The Washington Times-Herald

June 18, 2013

Lucille Nolley Dillon

From Staff Reports
Washington Times Herald

MONTGOMERY — Lucille Nolley Dillon, 76, died at 3:02 p.m. Saturday at Select Hospital in Evansville after a brief illness.

Born Sept. 30, 1935, in Daviess, she was the daughter of Arlan V. and Essie (Hardesty) Nolley. She graduated from Montgomery High School in 1953 and retired as a bookkeeper from McDonald Chevrolet in Washington after 43 years of service.

She was preceded in death by her parents and a son, Steven Dillon. Survivors include her son and daughter-in-law, Mark and Nina Dillon of Montgomery; a sister, Jeanette Del Vechio of Crawfordsville; a nice, Mrs. Gary (Jennifer) Lindberg of St. Paul; and great nephews and niece Alex, Clare, Jonas, Dominic and Xavier Lindberg.

Dillon was involved in numerous organizations and events throughout Daviess County. She tirelessly spent most of her life promoting tourism in Daviess County, inviting people to her home area that she was very proud of.

She began the Amish Quilt Auction 25 years ago. It has draws 2,500 people annually from across the nation and some foreign countries to Daviess County to buy what Dillon called “the best quilts in the world.” Those same quilts were showcased in the International Quilt Show that drew 30,000 quilt lovers, according to news reports.

She owned and operated Dillon Tours that gave visitors to Daviess County a unique glimpse into the Amish lifestyle and also showcased what Daviess County had to offer.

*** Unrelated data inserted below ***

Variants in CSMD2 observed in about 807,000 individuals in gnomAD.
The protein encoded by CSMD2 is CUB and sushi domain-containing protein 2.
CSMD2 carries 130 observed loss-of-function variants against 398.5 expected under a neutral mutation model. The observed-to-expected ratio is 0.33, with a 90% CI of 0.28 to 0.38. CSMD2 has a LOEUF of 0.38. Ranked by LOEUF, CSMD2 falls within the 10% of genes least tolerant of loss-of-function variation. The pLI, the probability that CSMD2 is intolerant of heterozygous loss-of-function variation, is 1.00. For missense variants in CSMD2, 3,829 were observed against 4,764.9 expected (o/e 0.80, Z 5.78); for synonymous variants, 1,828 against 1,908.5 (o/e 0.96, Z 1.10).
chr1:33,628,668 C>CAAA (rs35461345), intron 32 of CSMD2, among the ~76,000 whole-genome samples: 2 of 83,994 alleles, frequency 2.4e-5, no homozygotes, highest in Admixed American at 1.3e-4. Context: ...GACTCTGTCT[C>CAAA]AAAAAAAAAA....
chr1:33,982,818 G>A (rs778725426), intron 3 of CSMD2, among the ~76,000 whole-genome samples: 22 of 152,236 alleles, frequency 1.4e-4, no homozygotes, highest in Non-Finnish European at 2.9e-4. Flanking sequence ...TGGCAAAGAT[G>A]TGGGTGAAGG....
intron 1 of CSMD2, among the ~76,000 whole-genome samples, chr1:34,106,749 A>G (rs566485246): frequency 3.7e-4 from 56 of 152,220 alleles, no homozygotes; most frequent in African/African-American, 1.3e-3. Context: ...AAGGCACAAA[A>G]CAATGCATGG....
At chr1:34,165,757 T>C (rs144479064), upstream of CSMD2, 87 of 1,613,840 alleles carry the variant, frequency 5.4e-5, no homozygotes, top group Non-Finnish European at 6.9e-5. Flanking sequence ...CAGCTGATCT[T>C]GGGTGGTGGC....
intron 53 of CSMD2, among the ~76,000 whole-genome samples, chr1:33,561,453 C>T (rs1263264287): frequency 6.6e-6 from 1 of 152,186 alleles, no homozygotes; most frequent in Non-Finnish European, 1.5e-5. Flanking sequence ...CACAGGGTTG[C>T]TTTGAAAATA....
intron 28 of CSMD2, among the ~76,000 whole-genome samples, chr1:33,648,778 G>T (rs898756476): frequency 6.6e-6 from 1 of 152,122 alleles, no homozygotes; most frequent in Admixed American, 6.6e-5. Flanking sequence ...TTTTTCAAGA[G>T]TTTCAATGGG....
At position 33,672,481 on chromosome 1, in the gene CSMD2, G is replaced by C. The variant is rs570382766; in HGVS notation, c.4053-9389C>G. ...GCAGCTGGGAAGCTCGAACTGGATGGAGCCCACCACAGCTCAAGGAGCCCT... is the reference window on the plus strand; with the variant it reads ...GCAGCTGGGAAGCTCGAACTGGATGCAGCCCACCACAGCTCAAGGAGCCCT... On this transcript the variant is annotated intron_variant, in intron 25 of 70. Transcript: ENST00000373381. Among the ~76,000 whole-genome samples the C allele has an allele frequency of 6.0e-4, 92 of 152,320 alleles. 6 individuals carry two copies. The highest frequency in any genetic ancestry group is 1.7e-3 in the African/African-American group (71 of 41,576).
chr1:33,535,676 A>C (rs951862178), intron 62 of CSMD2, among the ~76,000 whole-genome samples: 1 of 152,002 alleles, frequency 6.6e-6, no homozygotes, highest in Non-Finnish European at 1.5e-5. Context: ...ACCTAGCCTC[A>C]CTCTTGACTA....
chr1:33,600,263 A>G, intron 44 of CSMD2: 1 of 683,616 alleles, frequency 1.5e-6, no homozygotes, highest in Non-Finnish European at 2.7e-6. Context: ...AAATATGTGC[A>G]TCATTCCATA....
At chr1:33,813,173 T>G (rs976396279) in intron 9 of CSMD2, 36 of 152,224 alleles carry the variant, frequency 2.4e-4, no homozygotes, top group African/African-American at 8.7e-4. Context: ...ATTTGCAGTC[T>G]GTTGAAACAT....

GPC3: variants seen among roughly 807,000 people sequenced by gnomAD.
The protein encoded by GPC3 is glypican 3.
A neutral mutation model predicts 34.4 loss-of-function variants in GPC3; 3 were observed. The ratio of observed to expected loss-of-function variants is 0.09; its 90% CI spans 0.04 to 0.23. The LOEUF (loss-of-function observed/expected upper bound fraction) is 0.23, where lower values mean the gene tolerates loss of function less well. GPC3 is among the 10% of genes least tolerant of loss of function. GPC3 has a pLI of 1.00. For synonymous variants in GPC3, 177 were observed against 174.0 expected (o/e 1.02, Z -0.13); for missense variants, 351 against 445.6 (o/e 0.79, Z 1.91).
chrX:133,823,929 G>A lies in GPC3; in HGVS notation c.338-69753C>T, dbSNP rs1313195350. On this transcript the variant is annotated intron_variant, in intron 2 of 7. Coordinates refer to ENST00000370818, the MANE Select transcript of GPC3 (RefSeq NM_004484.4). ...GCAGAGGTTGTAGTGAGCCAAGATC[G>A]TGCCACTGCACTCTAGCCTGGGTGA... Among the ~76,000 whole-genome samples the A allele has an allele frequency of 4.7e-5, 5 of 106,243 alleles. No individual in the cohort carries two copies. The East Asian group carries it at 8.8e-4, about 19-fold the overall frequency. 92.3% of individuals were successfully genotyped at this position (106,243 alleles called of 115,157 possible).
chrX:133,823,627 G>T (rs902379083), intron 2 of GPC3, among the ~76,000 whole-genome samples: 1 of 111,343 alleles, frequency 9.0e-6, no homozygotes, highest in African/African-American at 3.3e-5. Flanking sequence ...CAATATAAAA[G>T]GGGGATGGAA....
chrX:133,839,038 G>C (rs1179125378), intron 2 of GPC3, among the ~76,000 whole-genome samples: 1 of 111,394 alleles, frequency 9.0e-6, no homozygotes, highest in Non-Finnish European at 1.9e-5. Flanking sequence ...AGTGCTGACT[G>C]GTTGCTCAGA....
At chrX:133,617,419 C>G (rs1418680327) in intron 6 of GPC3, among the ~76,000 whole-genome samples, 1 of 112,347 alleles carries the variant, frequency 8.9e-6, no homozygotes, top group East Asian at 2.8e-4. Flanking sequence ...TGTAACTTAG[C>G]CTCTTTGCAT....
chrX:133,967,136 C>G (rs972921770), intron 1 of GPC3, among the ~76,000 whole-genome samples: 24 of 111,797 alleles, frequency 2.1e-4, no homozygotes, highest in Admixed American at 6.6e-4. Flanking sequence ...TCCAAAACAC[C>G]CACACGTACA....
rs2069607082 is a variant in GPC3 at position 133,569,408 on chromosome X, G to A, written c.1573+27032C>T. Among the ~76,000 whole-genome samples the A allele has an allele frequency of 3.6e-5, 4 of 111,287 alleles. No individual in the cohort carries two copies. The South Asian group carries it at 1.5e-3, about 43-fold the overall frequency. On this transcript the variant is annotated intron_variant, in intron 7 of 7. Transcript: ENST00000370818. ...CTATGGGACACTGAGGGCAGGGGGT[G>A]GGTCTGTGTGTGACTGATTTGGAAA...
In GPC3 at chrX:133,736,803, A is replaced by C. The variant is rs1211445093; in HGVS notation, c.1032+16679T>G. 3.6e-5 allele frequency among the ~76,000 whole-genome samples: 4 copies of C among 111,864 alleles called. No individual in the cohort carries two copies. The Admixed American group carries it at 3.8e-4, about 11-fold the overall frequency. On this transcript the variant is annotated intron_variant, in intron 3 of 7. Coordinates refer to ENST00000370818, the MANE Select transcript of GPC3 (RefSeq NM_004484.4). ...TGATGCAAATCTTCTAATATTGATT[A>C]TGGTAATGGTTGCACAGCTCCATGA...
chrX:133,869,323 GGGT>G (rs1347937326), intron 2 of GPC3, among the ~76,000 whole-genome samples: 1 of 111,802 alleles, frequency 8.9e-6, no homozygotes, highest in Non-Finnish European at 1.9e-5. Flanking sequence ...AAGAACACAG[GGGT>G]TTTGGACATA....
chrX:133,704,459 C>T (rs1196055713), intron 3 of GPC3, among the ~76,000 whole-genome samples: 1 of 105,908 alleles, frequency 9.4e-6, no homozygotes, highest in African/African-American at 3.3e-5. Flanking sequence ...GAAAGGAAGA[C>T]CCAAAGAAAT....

Her unfailing dedication to tourism in Daviess County earned her the Lt. Governor’s Hoosier Hospitality Award in 2007. She was one of 22 honorees who earned the award for “individuals who go out of their way to make guests feel welcome during their stay in Indiana.” An award was also established in her name, the Dillon Tourism Award, given annually to someone in Daviess County who shows the same spirit and dedication to tourism.

She was a member of the homemakers club, Daughters of Isabella and a member of St. Peter’s Catholic Church in Montgomery. She also wrote a complete history of St. Peter’s Church and was involved in various ministries at the parish over the years.

She sat on various community boards, was a former 4-H judge and won grand champion and reserve grand champion several times at the Indiana State Fair for her sewing.

Lucille loved her family, traveling, cooking and sewing. In the end, her life and her work is best described through the verse, “I was a stranger and you welcomed me,” as she always tried to show hospitality to all around ‹ stranger or friend.

A Mass of Christian Burial will be at 10 a.m. Thursday at St. Peter’s Catholic Church, Rev. James Koressel as celebrant. Burial will follow in Bethany Cemetery.

Visitation is from 2 p.m. to 8 p.m. Wednesday at the Simon J. Graber building and from 8 a.m. to 9:45 a.m. Thursday at the church.

Ed Lee Mortuary is in charge of arrangements.